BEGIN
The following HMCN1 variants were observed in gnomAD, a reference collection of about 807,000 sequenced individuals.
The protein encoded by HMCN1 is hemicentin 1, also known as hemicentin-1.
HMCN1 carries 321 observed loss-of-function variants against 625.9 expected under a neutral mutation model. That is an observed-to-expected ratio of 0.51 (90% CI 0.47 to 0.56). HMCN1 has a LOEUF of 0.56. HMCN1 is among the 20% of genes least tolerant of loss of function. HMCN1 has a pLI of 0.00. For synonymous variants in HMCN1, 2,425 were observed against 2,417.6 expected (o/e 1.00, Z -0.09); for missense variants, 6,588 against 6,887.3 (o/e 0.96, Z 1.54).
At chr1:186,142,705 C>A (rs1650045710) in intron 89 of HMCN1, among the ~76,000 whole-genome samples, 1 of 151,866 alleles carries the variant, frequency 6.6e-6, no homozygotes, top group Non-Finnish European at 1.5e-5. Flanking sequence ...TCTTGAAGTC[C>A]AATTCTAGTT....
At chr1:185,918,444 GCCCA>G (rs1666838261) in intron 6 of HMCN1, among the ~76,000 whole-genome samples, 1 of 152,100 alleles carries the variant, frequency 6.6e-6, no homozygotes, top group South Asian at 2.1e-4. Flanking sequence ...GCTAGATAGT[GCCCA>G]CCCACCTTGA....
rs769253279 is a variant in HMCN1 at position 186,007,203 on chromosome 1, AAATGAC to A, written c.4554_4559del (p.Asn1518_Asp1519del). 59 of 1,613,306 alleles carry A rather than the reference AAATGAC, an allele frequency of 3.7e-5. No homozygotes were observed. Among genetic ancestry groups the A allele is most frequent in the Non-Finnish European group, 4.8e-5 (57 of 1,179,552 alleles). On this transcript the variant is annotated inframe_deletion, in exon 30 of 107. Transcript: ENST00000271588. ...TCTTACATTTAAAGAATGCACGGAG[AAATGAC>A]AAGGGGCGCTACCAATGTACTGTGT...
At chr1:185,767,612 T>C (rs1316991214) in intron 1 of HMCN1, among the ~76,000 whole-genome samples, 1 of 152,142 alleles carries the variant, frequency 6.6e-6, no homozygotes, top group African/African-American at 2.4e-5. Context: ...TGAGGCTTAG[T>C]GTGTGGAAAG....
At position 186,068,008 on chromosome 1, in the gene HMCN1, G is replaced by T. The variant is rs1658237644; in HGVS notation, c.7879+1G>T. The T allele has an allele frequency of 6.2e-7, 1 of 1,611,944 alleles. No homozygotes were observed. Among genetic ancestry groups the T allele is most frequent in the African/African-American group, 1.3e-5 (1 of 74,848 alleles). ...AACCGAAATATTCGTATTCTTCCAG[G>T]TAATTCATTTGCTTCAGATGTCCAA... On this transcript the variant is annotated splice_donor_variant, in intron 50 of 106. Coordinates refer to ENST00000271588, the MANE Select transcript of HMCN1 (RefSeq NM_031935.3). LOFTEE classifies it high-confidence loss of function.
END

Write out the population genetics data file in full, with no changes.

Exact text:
The following HMCN1 variants were observed in gnomAD, a reference collection of about 807,000 sequenced individuals.
The protein encoded by HMCN1 is hemicentin 1, also known as hemicentin-1.
HMCN1 carries 321 observed loss-of-function variants against 625.9 expected under a neutral mutation model. That is an observed-to-expected ratio of 0.51 (90% CI 0.47 to 0.56). HMCN1 has a LOEUF of 0.56. HMCN1 is among the 20% of genes least tolerant of loss of function. HMCN1 has a pLI of 0.00. For synonymous variants in HMCN1, 2,425 were observed against 2,417.6 expected (o/e 1.00, Z -0.09); for missense variants, 6,588 against 6,887.3 (o/e 0.96, Z 1.54).
At chr1:186,142,705 C>A (rs1650045710) in intron 89 of HMCN1, among the ~76,000 whole-genome samples, 1 of 151,866 alleles carries the variant, frequency 6.6e-6, no homozygotes, top group Non-Finnish European at 1.5e-5. Flanking sequence ...TCTTGAAGTC[C>A]AATTCTAGTT....
At chr1:185,918,444 GCCCA>G (rs1666838261) in intron 6 of HMCN1, among the ~76,000 whole-genome samples, 1 of 152,100 alleles carries the variant, frequency 6.6e-6, no homozygotes, top group South Asian at 2.1e-4. Flanking sequence ...GCTAGATAGT[GCCCA>G]CCCACCTTGA....
rs769253279 is a variant in HMCN1 at position 186,007,203 on chromosome 1, AAATGAC to A, written c.4554_4559del (p.Asn1518_Asp1519del). 59 of 1,613,306 alleles carry A rather than the reference AAATGAC, an allele frequency of 3.7e-5. No homozygotes were observed. Among genetic ancestry groups the A allele is most frequent in the Non-Finnish European group, 4.8e-5 (57 of 1,179,552 alleles). On this transcript the variant is annotated inframe_deletion, in exon 30 of 107. Transcript: ENST00000271588. ...TCTTACATTTAAAGAATGCACGGAG[AAATGAC>A]AAGGGGCGCTACCAATGTACTGTGT...
At chr1:185,767,612 T>C (rs1316991214) in intron 1 of HMCN1, among the ~76,000 whole-genome samples, 1 of 152,142 alleles carries the variant, frequency 6.6e-6, no homozygotes, top group African/African-American at 2.4e-5. Context: ...TGAGGCTTAG[T>C]GTGTGGAAAG....
At position 186,068,008 on chromosome 1, in the gene HMCN1, G is replaced by T. The variant is rs1658237644; in HGVS notation, c.7879+1G>T. The T allele has an allele frequency of 6.2e-7, 1 of 1,611,944 alleles. No homozygotes were observed. Among genetic ancestry groups the T allele is most frequent in the African/African-American group, 1.3e-5 (1 of 74,848 alleles). ...AACCGAAATATTCGTATTCTTCCAG[G>T]TAATTCATTTGCTTCAGATGTCCAA... On this transcript the variant is annotated splice_donor_variant, in intron 50 of 106. Coordinates refer to ENST00000271588, the MANE Select transcript of HMCN1 (RefSeq NM_031935.3). LOFTEE classifies it high-confidence loss of function.